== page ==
12. Write one word at a time. “Whether it’s a vignette of a single page or an epic trilogy like ‘The Lord of the Rings,’ the work is always accomplished one word at a time.” I would add that commercial success is accomplished one reader at a time.
13. Eliminate distraction. “There should be no telephone in your writing room, certainly no TV or videogames for you to fool around with.” There should also be no family members who constantly interrupt writing with insignificant questions and comments having nothing to do with the story (unless they are grandchildren).
14. Stick to your own style. “One cannot imitate a writer’s approach to a particular genre, no matter how simple what that writer is doing may seem.” "Imitation is the sincerest form of flattery," but does flattery have any place in creative writing?
15. Dig. “Stories are relics, part of an undiscovered pre-existing world. The writer’s job is to use the tools in his or her toolbox to get as much of each one out of the ground intact as possible. I like King's reference to the writer's toolbox. The goal is to fill that toolbox with all possible skills and ideas and then develop the craft of knowing what to use where.
16. Take a break. “You’ll find reading your book over after a six-week layoff to be a strange, often exhilarating experience.” And sometimes, going back and reading it after a layoff enables a writer to think, "Dang! That's pretty good!" (Okay, I know Elmore said no exclamation marks, but I love them so long as there aren't more than two per page. I began this by mentioning my dislike of rules from a young age. What really p-o's me is when participants aren't given the rules until they are reprimanded for breaking them.) Back to the subject: Sometimes after that six-week rest of a manuscript, a writer goes back, reads it, and says, "Oh, s- -t. I can't believe I wrote that."
17. Leave out the boring parts and kill your darlings. “(kill your darlings, kill your darlings, even when it breaks your egocentric little scribbler’s heart, kill your darlings.)” Writing is also an excellent way to kill some people who are not your darlings.
18. The research shouldn’t overshadow the story.“Remember that word back. That’s where the research belongs: as far in the background and the back story as you can get it.” I try to avoid this in writing and hate big info dump/back stories when I'm reading. I don't like to read fiction that is obviously an effort to teach me a skill or history. (Janice Law provides an excellent example of writing historical novels that don't shove lessons down the reader's throat.)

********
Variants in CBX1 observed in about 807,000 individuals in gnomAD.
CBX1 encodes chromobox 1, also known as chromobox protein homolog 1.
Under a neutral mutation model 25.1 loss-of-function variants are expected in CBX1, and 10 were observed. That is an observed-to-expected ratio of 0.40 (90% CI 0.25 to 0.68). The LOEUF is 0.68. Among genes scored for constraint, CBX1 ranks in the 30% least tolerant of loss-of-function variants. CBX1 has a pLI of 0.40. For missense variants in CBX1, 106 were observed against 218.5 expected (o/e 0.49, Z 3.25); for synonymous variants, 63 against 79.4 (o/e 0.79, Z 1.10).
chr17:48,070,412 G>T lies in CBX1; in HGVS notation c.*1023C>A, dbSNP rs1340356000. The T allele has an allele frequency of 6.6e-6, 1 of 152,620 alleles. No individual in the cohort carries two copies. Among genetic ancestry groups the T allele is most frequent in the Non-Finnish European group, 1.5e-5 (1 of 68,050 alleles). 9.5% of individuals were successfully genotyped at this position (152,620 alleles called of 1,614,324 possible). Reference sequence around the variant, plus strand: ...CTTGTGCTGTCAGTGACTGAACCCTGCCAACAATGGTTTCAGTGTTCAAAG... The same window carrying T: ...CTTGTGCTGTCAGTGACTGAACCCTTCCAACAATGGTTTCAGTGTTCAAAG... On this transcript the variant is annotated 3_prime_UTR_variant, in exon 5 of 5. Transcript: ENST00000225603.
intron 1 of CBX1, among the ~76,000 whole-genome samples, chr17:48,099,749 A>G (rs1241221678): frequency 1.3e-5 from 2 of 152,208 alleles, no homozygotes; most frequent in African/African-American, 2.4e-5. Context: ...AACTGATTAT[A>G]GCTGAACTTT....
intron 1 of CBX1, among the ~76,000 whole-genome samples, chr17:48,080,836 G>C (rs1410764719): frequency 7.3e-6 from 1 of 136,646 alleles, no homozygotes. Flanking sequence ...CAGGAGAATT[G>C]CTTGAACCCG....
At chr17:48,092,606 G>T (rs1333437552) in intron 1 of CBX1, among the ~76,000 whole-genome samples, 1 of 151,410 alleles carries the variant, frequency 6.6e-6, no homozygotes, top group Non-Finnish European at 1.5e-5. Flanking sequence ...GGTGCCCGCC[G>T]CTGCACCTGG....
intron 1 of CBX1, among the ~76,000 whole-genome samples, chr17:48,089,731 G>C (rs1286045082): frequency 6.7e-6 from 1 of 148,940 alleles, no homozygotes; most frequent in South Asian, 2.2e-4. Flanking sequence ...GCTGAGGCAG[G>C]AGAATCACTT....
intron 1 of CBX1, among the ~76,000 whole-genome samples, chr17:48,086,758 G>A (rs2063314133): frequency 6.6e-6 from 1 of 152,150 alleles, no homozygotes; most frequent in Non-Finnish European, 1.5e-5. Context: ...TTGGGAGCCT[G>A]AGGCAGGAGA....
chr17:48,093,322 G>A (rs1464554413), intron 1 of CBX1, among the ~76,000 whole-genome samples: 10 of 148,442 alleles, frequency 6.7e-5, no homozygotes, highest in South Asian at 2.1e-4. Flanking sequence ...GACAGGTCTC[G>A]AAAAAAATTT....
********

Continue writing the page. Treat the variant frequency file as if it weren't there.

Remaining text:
19. You become a writer simply by reading and writing.“You learn best by reading a lot and writing a lot, and the most valuable lessons of all are the ones you teach yourself.” I once knew a poet who refused to read other poets' works because he didn't want his "talent to be influenced by others." He gave me a sincerely blank look when I mentioned "Stopping by the Woods on a Snowy Evening," and the last time I saw him, he was coming out of a local pawn shop.
20. Writing is about getting happy. “Writing isn’t about making money, getting famous, getting dates, getting laid or making friends. Writing is magic, as much as the water of life as any other creative art. The water is free. So drink.” How about you? I personally get a lot of happiness and pleasure from "falling into the page," but greater commercial success would take me closer to a happy ending.
See a fuller exposition of King’s writing wisdom at Barnes & Noble’s blog.
Your task for today is to let me know if you have a favorite among these twenty or if you have a suggestion you'd add to the list or if you flat out disagree with one of King's suggestions.
Until we meet again, take care of … you.